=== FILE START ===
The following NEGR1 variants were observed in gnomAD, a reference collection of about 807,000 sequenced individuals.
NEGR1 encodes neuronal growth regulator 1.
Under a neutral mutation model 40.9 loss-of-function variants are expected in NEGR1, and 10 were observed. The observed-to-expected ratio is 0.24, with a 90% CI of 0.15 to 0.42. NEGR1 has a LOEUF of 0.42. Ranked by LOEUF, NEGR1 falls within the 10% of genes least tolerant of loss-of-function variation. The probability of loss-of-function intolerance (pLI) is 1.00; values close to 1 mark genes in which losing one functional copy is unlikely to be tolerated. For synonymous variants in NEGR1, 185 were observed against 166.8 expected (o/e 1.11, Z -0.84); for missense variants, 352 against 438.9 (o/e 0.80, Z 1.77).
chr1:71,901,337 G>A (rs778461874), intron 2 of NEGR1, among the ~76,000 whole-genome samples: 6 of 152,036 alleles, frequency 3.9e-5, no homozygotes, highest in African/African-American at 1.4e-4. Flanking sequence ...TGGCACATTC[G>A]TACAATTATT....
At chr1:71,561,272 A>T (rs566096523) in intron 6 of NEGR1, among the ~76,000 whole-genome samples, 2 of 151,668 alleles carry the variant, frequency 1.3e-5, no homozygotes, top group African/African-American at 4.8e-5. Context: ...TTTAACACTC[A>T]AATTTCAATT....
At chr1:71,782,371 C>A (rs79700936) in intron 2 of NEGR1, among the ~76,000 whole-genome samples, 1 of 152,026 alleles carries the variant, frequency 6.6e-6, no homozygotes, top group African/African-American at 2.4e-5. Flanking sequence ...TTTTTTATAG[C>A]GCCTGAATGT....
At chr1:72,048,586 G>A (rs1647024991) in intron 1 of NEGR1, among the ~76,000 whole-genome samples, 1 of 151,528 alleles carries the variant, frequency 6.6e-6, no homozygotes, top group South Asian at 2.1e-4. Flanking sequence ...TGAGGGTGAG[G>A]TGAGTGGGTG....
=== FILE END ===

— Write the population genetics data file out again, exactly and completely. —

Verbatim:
The following NEGR1 variants were observed in gnomAD, a reference collection of about 807,000 sequenced individuals.
NEGR1 encodes neuronal growth regulator 1.
Under a neutral mutation model 40.9 loss-of-function variants are expected in NEGR1, and 10 were observed. The observed-to-expected ratio is 0.24, with a 90% CI of 0.15 to 0.42. NEGR1 has a LOEUF of 0.42. Ranked by LOEUF, NEGR1 falls within the 10% of genes least tolerant of loss-of-function variation. The probability of loss-of-function intolerance (pLI) is 1.00; values close to 1 mark genes in which losing one functional copy is unlikely to be tolerated. For synonymous variants in NEGR1, 185 were observed against 166.8 expected (o/e 1.11, Z -0.84); for missense variants, 352 against 438.9 (o/e 0.80, Z 1.77).
chr1:71,901,337 G>A (rs778461874), intron 2 of NEGR1, among the ~76,000 whole-genome samples: 6 of 152,036 alleles, frequency 3.9e-5, no homozygotes, highest in African/African-American at 1.4e-4. Flanking sequence ...TGGCACATTC[G>A]TACAATTATT....
At chr1:71,561,272 A>T (rs566096523) in intron 6 of NEGR1, among the ~76,000 whole-genome samples, 2 of 151,668 alleles carry the variant, frequency 1.3e-5, no homozygotes, top group African/African-American at 4.8e-5. Context: ...TTTAACACTC[A>T]AATTTCAATT....
At chr1:71,782,371 C>A (rs79700936) in intron 2 of NEGR1, among the ~76,000 whole-genome samples, 1 of 152,026 alleles carries the variant, frequency 6.6e-6, no homozygotes, top group African/African-American at 2.4e-5. Flanking sequence ...TTTTTTATAG[C>A]GCCTGAATGT....
At chr1:72,048,586 G>A (rs1647024991) in intron 1 of NEGR1, among the ~76,000 whole-genome samples, 1 of 151,528 alleles carries the variant, frequency 6.6e-6, no homozygotes, top group South Asian at 2.1e-4. Flanking sequence ...TGAGGGTGAG[G>A]TGAGTGGGTG....